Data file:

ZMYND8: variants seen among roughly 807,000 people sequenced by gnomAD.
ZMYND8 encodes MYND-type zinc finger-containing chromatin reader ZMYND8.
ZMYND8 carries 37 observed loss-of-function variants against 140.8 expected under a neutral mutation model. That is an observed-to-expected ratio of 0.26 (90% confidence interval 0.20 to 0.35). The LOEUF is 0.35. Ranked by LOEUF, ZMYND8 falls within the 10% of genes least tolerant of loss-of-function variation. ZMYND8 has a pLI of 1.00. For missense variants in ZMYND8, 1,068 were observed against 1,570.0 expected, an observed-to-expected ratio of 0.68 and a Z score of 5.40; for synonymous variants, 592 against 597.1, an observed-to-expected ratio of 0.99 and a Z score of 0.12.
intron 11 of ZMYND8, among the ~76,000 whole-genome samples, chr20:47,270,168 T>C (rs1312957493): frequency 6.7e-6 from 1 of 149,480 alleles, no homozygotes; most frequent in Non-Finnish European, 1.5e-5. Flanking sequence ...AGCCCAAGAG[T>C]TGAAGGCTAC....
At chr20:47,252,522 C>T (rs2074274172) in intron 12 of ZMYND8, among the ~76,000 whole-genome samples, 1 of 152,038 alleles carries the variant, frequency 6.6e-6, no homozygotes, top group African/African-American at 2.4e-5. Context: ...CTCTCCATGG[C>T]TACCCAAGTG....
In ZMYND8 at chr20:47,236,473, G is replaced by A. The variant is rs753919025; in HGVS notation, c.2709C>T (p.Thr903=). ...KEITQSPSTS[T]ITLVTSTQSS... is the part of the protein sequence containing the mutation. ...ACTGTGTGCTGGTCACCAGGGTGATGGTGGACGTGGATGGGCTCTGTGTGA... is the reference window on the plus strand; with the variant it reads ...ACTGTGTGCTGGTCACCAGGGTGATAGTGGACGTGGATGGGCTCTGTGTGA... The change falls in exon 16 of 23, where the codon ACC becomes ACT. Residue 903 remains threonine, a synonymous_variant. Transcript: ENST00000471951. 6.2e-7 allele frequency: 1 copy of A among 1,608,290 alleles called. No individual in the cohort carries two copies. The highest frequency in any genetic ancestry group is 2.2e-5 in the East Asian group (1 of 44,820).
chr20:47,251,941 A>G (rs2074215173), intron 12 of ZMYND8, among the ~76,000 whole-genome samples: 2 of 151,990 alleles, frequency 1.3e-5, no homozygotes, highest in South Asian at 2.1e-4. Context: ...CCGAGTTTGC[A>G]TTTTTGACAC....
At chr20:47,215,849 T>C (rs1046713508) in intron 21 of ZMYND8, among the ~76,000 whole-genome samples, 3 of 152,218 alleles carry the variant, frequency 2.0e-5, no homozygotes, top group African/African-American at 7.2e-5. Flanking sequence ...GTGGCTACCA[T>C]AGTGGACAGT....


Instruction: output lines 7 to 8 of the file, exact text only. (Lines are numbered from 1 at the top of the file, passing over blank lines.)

chr20:47,251,941 A>G (rs2074215173), intron 12 of ZMYND8, among the ~76,000 whole-genome samples: 2 of 151,990 alleles, frequency 1.3e-5, no homozygotes, highest in South Asian at 2.1e-4. Context: ...CCGAGTTTGC[A>G]TTTTTGACAC....
At chr20:47,215,849 T>C (rs1046713508) in intron 21 of ZMYND8, among the ~76,000 whole-genome samples, 3 of 152,218 alleles carry the variant, frequency 2.0e-5, no homozygotes, top group African/African-American at 7.2e-5. Flanking sequence ...GTGGCTACCA[T>C]AGTGGACAGT....